Feminine gamification viewpoint: opportunist or plain stupid?

Feminine gamification viewpoint: opportunist or plain stupid?

This blog post comes with a bit of a health warning, for some of you it may be too opinionated and one-sided, so if you are of the sensitive kind, please stop now and read something else.

As a female entrepreneur I network regularly and also take courses, coaching and mentoring to enhance my skills. On a regular basis you then have meaningful conversations with fellow what you assume are like-minded entrepreneurs. I tend not to differentiate my encouragement when talking to a man or a woman, when I feel that they are stopping themselves from going for something that I would see well within their reach. As an executive and business coach that was often the type of conversation I was even paid to have with them, now it happens occasionally when you have further conversations as a result of networking, courses etc.

What I find baffling beyond belief is that men (typically twice my age or at least 10-20 years senior to me) consider this as an open invitation to start feeling your hands, putting an arm around you, hands in inappropriate place and even in some more rare situations interpreting this as an open door to ask you for a bedroom endeavour. This used to happen to me on a regular basis as a coach in Ireland and just this week I had another encounter of the same variety. I blogged last week about a research study where Halo 3 players responded differently when they perceived their ability to better or lesser than that of a perceived female player. I have no research to back this week’s thoughts up, only personal experience.

My strategy in these situations has often been to not cause a scene and discretely pull away and remove hands where I don’t want them and obviously also decline all invitations that may put my safety in danger. I know from hard reality that discreet is not working, this week two gentlemen who clearly read the situation jumped in and sent the offender walking, who then at some point boomerang returned to say I hadn’t pulled away enough and therefore encouraged the situation (at which point I have to admit I got really angry and did say what was on my mind). Should you as a woman in these scenario’s just cause a scene to get through to the offender and potentially lose all credibility in front of other people? Or would a mirror game like simulating the same experience onto the other party in virtual reality be more effective?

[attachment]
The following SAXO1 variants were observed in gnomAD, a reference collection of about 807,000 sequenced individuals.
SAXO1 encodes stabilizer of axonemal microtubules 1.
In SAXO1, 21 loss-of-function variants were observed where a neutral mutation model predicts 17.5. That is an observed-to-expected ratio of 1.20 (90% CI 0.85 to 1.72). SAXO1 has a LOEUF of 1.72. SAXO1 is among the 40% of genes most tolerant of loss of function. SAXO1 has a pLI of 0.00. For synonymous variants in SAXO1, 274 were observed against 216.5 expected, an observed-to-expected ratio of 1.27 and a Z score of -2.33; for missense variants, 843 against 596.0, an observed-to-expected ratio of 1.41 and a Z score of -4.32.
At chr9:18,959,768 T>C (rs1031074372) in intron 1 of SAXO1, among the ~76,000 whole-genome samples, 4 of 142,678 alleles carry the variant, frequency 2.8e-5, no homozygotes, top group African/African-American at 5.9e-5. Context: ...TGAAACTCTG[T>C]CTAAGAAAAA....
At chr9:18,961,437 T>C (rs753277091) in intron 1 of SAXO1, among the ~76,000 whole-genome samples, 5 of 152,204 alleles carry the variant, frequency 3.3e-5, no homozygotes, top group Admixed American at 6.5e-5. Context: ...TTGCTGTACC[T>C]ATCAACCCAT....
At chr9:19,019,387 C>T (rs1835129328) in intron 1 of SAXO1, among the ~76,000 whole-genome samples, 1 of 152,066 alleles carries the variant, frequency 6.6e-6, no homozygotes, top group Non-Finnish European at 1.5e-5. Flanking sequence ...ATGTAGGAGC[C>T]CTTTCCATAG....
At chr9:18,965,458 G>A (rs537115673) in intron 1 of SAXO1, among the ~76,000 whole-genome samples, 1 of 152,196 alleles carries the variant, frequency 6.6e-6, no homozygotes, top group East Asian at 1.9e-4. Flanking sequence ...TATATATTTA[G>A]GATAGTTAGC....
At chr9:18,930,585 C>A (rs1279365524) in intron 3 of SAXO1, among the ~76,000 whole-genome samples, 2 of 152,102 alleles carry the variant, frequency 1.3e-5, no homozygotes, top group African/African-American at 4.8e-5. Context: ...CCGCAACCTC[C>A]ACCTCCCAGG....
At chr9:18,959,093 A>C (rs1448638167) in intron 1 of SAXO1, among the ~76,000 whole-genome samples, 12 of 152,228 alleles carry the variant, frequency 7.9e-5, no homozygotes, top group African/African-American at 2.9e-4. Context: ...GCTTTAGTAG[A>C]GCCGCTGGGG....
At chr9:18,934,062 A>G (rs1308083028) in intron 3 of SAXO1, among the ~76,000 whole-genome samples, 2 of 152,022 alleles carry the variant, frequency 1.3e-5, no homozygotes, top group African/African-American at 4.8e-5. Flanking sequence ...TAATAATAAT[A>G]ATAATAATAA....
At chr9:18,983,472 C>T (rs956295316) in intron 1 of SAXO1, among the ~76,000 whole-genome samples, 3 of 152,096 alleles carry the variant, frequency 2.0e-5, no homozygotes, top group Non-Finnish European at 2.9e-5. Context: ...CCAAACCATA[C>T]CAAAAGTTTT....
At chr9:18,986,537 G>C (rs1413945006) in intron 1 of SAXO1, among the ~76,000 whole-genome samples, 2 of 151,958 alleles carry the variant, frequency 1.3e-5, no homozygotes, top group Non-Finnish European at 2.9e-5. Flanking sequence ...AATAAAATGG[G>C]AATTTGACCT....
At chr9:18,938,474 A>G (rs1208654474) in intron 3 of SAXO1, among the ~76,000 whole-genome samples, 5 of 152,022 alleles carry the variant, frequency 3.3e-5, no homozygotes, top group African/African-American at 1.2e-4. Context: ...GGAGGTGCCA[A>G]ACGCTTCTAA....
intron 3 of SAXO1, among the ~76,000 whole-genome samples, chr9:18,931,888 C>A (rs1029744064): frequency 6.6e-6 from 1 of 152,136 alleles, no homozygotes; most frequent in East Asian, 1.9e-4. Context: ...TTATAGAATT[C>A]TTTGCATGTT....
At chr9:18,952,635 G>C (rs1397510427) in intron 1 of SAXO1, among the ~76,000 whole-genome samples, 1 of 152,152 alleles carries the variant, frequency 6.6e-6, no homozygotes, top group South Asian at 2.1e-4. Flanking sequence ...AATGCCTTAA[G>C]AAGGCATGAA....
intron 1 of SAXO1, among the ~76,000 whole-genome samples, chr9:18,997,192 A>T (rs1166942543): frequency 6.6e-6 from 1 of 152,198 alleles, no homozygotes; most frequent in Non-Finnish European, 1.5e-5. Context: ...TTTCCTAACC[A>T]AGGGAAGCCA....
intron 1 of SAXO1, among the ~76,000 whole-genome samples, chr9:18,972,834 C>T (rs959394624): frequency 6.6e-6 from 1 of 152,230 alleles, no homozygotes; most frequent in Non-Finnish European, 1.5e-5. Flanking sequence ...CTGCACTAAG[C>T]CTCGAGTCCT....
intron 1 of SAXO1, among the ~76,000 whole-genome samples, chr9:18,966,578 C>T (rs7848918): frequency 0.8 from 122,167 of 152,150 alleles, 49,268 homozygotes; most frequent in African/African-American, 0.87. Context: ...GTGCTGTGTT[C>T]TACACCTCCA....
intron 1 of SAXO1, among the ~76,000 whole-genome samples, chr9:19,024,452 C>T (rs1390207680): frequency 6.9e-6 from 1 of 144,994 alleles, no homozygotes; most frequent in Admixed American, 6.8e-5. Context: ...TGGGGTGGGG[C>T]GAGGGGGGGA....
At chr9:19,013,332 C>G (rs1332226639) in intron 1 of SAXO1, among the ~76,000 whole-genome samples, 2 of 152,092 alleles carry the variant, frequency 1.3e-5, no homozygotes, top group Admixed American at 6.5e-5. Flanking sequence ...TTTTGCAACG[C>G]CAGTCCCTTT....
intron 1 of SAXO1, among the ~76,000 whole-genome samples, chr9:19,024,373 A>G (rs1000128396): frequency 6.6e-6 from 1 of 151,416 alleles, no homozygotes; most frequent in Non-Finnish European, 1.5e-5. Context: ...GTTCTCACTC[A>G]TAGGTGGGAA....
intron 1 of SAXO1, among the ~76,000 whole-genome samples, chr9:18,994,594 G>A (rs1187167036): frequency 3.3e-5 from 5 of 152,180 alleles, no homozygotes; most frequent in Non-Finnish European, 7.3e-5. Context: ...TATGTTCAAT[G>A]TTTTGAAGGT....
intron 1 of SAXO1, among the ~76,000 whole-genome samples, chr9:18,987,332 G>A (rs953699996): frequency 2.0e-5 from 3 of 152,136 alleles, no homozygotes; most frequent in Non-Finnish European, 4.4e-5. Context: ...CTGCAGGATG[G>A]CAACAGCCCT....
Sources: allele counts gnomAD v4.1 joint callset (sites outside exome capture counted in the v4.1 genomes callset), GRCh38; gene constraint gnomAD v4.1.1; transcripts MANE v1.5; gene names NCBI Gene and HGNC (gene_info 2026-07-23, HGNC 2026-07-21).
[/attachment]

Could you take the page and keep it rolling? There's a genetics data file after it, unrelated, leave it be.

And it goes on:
I don’t have the answer to this question, but experiences like these raise questions about the motivations of these people. Is it scarcity of being encouraged, heard or more caring empathic behaviour? Is it opportunistic? Or is it like in the Halo 3 example a case of feeling inferior and needing to address the power balance? Or is it hunter, killer style behaviour? Or maybe even more primal than that?

In the multiplayer game called life, having protective tribe members can be a great source of rescue. It still leaves me feeling a bit uncertain, vulnerable when really I am sharing my skills and expertise, and I have to admit very apprehensive to spend another day in similar company. It is one of the reasons that at times I have withdrawn from social engagement, because it makes me feel very exposed to unsavoury behaviour. Without wanting to become the protagonist in a first person shooter game, who takes out all potential threats, in my mind there has to be a gamified way to deal with this stuff?

In one of my gamification workshops with HR managers, a suggestion was made to have electric shocks for late arrivers at work in a call centre, I said then it was probably a bit drastic as stick a approach, but is there such a device for networking purposed where you can have the same effect as barbed wire fencing? (Only joking!) To be perfectly honest, I find it frankly appalling that this keeps on happening, even when you let them know that you are in a happy relationship. Maybe that generation is in need of empathy and understanding, maybe the best thing for them to experience is to take part in an experiment like BeAnotherLab with a gender swap, which I blogged about a few months ago, but as a reminder here is the video of a reporter taking part again.

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What gamification strategies would you apply to these situations?

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